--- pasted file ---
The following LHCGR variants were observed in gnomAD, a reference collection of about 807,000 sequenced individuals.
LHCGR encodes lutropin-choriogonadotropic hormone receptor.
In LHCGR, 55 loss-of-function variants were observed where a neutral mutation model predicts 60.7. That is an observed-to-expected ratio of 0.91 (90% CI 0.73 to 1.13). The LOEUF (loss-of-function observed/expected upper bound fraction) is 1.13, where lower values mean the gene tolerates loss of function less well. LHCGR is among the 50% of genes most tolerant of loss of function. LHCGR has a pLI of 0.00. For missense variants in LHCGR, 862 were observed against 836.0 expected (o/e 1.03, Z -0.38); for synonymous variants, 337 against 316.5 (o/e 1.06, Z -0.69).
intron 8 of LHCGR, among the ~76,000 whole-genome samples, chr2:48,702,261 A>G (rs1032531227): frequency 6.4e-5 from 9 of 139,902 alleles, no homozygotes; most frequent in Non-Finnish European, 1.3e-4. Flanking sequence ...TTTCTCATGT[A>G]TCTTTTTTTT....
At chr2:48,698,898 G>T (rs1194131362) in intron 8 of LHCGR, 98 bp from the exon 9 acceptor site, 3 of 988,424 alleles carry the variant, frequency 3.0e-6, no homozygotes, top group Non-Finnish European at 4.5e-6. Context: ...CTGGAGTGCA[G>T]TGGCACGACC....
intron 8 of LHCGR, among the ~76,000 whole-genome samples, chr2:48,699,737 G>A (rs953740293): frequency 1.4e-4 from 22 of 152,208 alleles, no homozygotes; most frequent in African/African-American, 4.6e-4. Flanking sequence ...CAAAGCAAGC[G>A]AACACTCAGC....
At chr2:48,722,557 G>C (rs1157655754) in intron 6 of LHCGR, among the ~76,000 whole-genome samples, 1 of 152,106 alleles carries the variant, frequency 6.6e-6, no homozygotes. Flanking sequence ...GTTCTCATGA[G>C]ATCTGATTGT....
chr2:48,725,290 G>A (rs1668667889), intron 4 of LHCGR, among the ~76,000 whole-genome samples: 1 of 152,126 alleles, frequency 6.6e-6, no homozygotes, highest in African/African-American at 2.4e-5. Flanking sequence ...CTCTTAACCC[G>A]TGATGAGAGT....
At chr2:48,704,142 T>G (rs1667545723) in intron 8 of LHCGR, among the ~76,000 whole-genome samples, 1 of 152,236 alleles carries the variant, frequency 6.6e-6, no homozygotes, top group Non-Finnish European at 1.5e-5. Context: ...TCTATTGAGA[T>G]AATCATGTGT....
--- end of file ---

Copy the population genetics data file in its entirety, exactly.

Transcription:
The following LHCGR variants were observed in gnomAD, a reference collection of about 807,000 sequenced individuals.
LHCGR encodes lutropin-choriogonadotropic hormone receptor.
In LHCGR, 55 loss-of-function variants were observed where a neutral mutation model predicts 60.7. That is an observed-to-expected ratio of 0.91 (90% CI 0.73 to 1.13). The LOEUF (loss-of-function observed/expected upper bound fraction) is 1.13, where lower values mean the gene tolerates loss of function less well. LHCGR is among the 50% of genes most tolerant of loss of function. LHCGR has a pLI of 0.00. For missense variants in LHCGR, 862 were observed against 836.0 expected (o/e 1.03, Z -0.38); for synonymous variants, 337 against 316.5 (o/e 1.06, Z -0.69).
intron 8 of LHCGR, among the ~76,000 whole-genome samples, chr2:48,702,261 A>G (rs1032531227): frequency 6.4e-5 from 9 of 139,902 alleles, no homozygotes; most frequent in Non-Finnish European, 1.3e-4. Flanking sequence ...TTTCTCATGT[A>G]TCTTTTTTTT....
At chr2:48,698,898 G>T (rs1194131362) in intron 8 of LHCGR, 98 bp from the exon 9 acceptor site, 3 of 988,424 alleles carry the variant, frequency 3.0e-6, no homozygotes, top group Non-Finnish European at 4.5e-6. Context: ...CTGGAGTGCA[G>T]TGGCACGACC....
intron 8 of LHCGR, among the ~76,000 whole-genome samples, chr2:48,699,737 G>A (rs953740293): frequency 1.4e-4 from 22 of 152,208 alleles, no homozygotes; most frequent in African/African-American, 4.6e-4. Flanking sequence ...CAAAGCAAGC[G>A]AACACTCAGC....
At chr2:48,722,557 G>C (rs1157655754) in intron 6 of LHCGR, among the ~76,000 whole-genome samples, 1 of 152,106 alleles carries the variant, frequency 6.6e-6, no homozygotes. Flanking sequence ...GTTCTCATGA[G>C]ATCTGATTGT....
chr2:48,725,290 G>A (rs1668667889), intron 4 of LHCGR, among the ~76,000 whole-genome samples: 1 of 152,126 alleles, frequency 6.6e-6, no homozygotes, highest in African/African-American at 2.4e-5. Flanking sequence ...CTCTTAACCC[G>A]TGATGAGAGT....
At chr2:48,704,142 T>G (rs1667545723) in intron 8 of LHCGR, among the ~76,000 whole-genome samples, 1 of 152,236 alleles carries the variant, frequency 6.6e-6, no homozygotes, top group Non-Finnish European at 1.5e-5. Context: ...TCTATTGAGA[T>G]AATCATGTGT....